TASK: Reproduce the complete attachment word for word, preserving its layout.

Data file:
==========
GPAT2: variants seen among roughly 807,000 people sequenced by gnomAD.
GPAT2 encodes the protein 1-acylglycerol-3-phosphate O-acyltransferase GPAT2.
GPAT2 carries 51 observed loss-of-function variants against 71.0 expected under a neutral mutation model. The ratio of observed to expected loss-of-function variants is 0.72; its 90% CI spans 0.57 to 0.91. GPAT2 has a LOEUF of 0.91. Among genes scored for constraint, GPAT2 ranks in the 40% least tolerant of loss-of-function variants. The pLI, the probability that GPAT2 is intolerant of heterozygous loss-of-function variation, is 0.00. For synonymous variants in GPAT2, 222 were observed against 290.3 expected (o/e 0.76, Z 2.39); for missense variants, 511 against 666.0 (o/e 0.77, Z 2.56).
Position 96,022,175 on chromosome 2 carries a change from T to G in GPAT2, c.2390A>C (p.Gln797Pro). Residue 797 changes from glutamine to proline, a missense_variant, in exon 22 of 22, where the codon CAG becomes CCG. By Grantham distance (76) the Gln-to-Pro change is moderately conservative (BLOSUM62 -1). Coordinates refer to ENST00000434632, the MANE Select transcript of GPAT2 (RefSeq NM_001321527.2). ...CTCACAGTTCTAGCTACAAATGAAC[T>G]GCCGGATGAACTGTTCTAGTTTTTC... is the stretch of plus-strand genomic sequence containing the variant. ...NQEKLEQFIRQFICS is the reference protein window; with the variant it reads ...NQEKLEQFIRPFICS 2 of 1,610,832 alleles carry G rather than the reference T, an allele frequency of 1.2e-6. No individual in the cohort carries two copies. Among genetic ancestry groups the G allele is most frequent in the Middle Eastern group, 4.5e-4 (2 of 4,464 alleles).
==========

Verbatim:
GPAT2: variants seen among roughly 807,000 people sequenced by gnomAD.
GPAT2 encodes the protein 1-acylglycerol-3-phosphate O-acyltransferase GPAT2.
GPAT2 carries 51 observed loss-of-function variants against 71.0 expected under a neutral mutation model. The ratio of observed to expected loss-of-function variants is 0.72; its 90% CI spans 0.57 to 0.91. GPAT2 has a LOEUF of 0.91. Among genes scored for constraint, GPAT2 ranks in the 40% least tolerant of loss-of-function variants. The pLI, the probability that GPAT2 is intolerant of heterozygous loss-of-function variation, is 0.00. For synonymous variants in GPAT2, 222 were observed against 290.3 expected (o/e 0.76, Z 2.39); for missense variants, 511 against 666.0 (o/e 0.77, Z 2.56).
Position 96,022,175 on chromosome 2 carries a change from T to G in GPAT2, c.2390A>C (p.Gln797Pro). Residue 797 changes from glutamine to proline, a missense_variant, in exon 22 of 22, where the codon CAG becomes CCG. By Grantham distance (76) the Gln-to-Pro change is moderately conservative (BLOSUM62 -1). Coordinates refer to ENST00000434632, the MANE Select transcript of GPAT2 (RefSeq NM_001321527.2). ...CTCACAGTTCTAGCTACAAATGAAC[T>G]GCCGGATGAACTGTTCTAGTTTTTC... is the stretch of plus-strand genomic sequence containing the variant. ...NQEKLEQFIRQFICS is the reference protein window; with the variant it reads ...NQEKLEQFIRPFICS 2 of 1,610,832 alleles carry G rather than the reference T, an allele frequency of 1.2e-6. No individual in the cohort carries two copies. Among genetic ancestry groups the G allele is most frequent in the Middle Eastern group, 4.5e-4 (2 of 4,464 alleles).